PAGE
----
Airplanes are graceful, elegant, magnificent marvels of engineering, most of the time. Throughout the ages, engineers have challenged conventional designs with some outstandingly bizarre aircraft. Despite their weirdness, many were used to advance aerodynamics, though some were created just to prove a point.
Vought V-173 "Flying Pancake"
[Image Source: Wikipedia]
The Vought V-173, or more appropriately known as the "Flying Pancake" is a surprisingly fast, yet ancient aircraft. In the 1940s, the U.S. Navy was looking for a small plane capable of quick deployment from tankers, cruisers, and other ships to counter Japanese aerial and submarine attacks.
The Vought V-173, or more appropriately known as the "Flying Pancake" is a surprisingly fast, yet ancient aircraft. Navy was looking for a small plane capable of quick deployment from tankers, cruisers, and other ships to counter Japanese aerial and submarine attacks.
Though the plane looks ridiculous, at the time the U.S. was desperate for a plane capable of short takeoffs and landings following the devastating attacks of Perl Harbor. However, by the time the plane reached the production stage, the war was already over.
The designer harles H. Zimmerman, an aerodynamicist at the National Advisory Committee for Aeronautic derived the idea from manta rays and their ability to easily glide through the water. The greatest benefit of the large uni-wing structure is its ability to use the entire body as a means to generate lift. The massive amount of lift generated allows the plane to perform a zero-roll takeoff with a 25-knot headwind. Essentially, the plane can hover over the deck of a ship, says National Air and Space Museum curator Russel Lee.
Convair Sea Dart
[Image Source: Wikipedia]
Typically, aircraft and water are not something any pilot wants to be in at the same time. Though that did not stop Convair from an attempt at merging the two. The Convair Sea Dart is a supersonic boat-plane hybrid, and it is incredibly dangerous.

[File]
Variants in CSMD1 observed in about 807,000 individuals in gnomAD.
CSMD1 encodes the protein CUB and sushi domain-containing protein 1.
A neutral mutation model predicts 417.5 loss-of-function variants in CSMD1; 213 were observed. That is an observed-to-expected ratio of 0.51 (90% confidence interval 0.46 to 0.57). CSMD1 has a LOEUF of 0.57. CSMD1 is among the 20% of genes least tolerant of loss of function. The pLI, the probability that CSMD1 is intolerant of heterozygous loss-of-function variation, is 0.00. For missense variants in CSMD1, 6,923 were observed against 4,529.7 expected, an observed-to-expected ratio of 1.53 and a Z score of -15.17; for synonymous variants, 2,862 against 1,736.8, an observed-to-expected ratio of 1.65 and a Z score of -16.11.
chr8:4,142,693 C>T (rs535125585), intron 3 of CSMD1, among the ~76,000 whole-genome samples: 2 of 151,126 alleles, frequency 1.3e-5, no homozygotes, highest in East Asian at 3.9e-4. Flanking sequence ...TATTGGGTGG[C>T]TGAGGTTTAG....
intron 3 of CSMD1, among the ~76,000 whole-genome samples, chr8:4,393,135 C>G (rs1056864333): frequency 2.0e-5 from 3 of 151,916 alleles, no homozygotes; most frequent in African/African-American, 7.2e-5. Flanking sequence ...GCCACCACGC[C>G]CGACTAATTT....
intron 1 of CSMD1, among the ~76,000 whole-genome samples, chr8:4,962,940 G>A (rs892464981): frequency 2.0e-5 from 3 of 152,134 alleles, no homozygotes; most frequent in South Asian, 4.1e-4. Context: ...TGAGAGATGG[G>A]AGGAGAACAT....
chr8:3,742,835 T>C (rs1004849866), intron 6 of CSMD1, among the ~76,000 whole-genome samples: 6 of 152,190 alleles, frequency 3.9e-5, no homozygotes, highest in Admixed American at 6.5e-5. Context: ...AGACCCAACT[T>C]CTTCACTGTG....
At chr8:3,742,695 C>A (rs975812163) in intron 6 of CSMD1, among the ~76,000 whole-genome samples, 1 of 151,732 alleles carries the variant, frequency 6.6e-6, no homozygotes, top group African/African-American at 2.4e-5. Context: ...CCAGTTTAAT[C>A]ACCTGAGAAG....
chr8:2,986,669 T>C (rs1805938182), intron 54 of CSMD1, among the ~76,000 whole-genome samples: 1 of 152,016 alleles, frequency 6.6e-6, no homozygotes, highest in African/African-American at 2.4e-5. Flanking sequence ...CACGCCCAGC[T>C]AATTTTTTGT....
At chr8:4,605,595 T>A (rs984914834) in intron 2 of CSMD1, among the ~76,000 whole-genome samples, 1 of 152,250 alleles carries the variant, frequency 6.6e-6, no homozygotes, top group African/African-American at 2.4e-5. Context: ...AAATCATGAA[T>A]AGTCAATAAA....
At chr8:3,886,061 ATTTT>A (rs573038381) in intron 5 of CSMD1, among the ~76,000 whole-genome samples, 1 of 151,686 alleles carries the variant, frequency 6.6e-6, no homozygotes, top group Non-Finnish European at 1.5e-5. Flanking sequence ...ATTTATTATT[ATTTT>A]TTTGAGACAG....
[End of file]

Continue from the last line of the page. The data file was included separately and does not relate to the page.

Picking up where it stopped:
Shortly after the U.S. Navy's take at cooking (the Flying Pankake) failed, it did not take them long before another attempt at an entirely new concept, seaplane fighters.
As Airforces around the world began to adopt the new delta-wing style, the U.S. Navy was skeptical that such a powerful plane could deploy from an aircraft carrier. Instead of landing or taking off from the ship, the Sea Dart can instead use the water as its runway, where it could then be loaded. However, following a fatal accident during a public demonstration, claiming the life of Charles Richbourg, the program was soon canceled.
Though the Sea Dart was quickly abandoned, it was the first and only seaplane to go supersonic.
Caproni Ca.60 Transaereo
[Image Source: Wikipedia]
Apparently, the U.S. Navy were not the only ones trying to cross-over air and sea. The Caproni Ca.60 Transaereo, or otherwise known as the Noviplano (nine-wing), was a prototype aircraft intended to become a 100-passenger transatlantic airliner. The awkward looking behemoth features eight engines totaling 3000 Hp and three sets triple wings! Allegedly, the plane could fly nearly 130 km/h over a range of 660 km.
Although, shortly after the aircraft took off for its maiden flight in 1921, it crashed. Though before hitting the water, the plane did manage to reach an altitude of 18 meters. Fortunately, the pilot survived the crash. Unsurprisingly, the Noviplano never took off again.
Goodyear GA-468 Inflatoplane
Blowing up a plane is never a good idea, especially when blowing it up involves filling giant balloons intended to inflate into a full-size aircraft. Though, that did not stop Goodyear from attempting a prototype anyways.
Surprisingly, the aircraft did take off. Despite its max payload of 100 kg, the Inflatoplane could cruise at a surprising 100 km/h over a range of nearly 600 km. Besides the two-cycle 40-hp Nelson engines and control cables, the plane was almost entirely made of rubber.
The plane functioned surprisingly well, though for some reason, flying an inflatable balloon did not appeal to many enthusiasts. In the end, only twelve Inflatoplanes were developed.
The World's Smallest Jet- The BD-5
FLS Microjet (flying) and BD-5 propeller model [Image Source: YouTube/Juan Jiménez]
Perhaps the most functional on this list is the BD-5, the world's smallest jet since 2004. First introduced by a small experimental aircraft and home-building kit distributor company by the name of Bede Aircraft in the 1970's, the plane quickly became an aviation sensation.
The plane is remarkably small, just a little over 5 meters in length. Do not be mistaken, though, despite its minute proportions the BD-5 can reach speeds of up to 515 km/h with a range of 370 km.
Though not many of the aircraft remain in service, one model, dubbed the FLS Microjet, continuously performs in airshows across the world. You may also recognize it from the James Bond movie, Octopussy.
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Written by Maverick Baker